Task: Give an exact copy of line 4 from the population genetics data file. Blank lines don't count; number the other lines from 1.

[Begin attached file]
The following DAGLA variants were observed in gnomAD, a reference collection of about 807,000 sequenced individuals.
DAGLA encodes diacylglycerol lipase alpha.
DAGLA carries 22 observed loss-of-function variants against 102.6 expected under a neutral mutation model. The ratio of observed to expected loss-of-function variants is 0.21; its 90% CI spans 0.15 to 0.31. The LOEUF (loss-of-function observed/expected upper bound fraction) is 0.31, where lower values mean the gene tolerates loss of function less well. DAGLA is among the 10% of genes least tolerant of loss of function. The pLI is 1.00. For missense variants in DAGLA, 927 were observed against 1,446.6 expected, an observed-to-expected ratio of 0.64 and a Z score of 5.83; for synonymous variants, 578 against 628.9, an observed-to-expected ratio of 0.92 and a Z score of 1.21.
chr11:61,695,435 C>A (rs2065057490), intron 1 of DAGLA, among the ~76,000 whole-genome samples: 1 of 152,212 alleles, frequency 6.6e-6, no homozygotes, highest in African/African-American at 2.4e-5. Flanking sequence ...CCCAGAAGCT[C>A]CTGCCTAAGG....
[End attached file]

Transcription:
chr11:61,695,435 C>A (rs2065057490), intron 1 of DAGLA, among the ~76,000 whole-genome samples: 1 of 152,212 alleles, frequency 6.6e-6, no homozygotes, highest in African/African-American at 2.4e-5. Flanking sequence ...CCCAGAAGCT[C>A]CTGCCTAAGG....